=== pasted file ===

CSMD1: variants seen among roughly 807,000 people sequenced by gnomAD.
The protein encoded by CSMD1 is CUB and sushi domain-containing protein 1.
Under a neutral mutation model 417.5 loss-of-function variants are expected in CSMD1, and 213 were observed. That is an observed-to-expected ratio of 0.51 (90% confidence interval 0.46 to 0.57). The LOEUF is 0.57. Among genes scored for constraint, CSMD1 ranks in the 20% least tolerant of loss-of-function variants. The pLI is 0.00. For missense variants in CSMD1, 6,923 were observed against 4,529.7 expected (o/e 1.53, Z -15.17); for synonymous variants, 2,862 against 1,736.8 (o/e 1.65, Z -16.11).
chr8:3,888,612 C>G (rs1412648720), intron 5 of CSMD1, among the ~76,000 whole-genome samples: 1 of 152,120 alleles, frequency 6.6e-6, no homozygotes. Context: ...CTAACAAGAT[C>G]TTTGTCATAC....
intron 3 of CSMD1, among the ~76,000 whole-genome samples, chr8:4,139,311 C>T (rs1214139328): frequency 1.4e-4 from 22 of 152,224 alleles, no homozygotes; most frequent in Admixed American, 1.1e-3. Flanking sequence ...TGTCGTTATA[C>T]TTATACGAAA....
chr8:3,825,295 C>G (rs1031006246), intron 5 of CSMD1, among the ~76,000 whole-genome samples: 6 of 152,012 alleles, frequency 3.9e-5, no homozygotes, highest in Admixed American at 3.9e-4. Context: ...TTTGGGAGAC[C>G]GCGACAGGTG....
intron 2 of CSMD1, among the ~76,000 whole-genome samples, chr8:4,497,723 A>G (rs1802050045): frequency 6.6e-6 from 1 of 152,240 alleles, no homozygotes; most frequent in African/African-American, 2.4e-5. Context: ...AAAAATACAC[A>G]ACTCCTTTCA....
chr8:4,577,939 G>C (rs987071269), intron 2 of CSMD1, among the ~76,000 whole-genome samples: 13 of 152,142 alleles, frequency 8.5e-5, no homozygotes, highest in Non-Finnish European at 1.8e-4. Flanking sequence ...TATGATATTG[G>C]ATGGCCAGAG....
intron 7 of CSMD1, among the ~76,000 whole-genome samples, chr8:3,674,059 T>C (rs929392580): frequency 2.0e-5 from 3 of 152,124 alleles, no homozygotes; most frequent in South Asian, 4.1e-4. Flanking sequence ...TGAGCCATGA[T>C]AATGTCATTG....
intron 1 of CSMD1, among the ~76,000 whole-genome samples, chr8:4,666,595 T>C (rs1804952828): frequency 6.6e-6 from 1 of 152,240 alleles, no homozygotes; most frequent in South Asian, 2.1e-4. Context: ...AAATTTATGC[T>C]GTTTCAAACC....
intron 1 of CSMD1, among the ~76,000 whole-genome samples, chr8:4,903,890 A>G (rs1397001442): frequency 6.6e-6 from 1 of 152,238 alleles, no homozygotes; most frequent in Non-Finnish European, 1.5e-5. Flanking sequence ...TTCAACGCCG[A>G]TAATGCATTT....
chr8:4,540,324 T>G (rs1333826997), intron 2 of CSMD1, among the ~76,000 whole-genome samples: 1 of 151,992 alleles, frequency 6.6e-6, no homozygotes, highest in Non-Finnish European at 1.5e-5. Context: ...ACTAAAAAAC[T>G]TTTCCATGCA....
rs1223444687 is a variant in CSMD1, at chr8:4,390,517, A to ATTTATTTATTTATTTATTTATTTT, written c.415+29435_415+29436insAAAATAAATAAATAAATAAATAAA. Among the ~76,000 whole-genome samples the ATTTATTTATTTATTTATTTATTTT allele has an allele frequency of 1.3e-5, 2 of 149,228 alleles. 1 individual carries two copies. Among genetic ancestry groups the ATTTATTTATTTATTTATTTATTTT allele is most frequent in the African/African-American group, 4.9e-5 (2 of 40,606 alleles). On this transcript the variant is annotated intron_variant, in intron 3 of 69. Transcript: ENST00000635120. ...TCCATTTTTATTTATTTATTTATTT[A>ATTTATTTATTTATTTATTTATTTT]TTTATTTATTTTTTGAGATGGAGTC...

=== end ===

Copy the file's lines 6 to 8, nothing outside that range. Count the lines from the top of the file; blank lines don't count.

chr8:3,825,295 C>G (rs1031006246), intron 5 of CSMD1, among the ~76,000 whole-genome samples: 6 of 152,012 alleles, frequency 3.9e-5, no homozygotes, highest in Admixed American at 3.9e-4. Context: ...TTTGGGAGAC[C>G]GCGACAGGTG....
intron 2 of CSMD1, among the ~76,000 whole-genome samples, chr8:4,497,723 A>G (rs1802050045): frequency 6.6e-6 from 1 of 152,240 alleles, no homozygotes; most frequent in African/African-American, 2.4e-5. Context: ...AAAAATACAC[A>G]ACTCCTTTCA....
chr8:4,577,939 G>C (rs987071269), intron 2 of CSMD1, among the ~76,000 whole-genome samples: 13 of 152,142 alleles, frequency 8.5e-5, no homozygotes, highest in Non-Finnish European at 1.8e-4. Flanking sequence ...TATGATATTG[G>C]ATGGCCAGAG....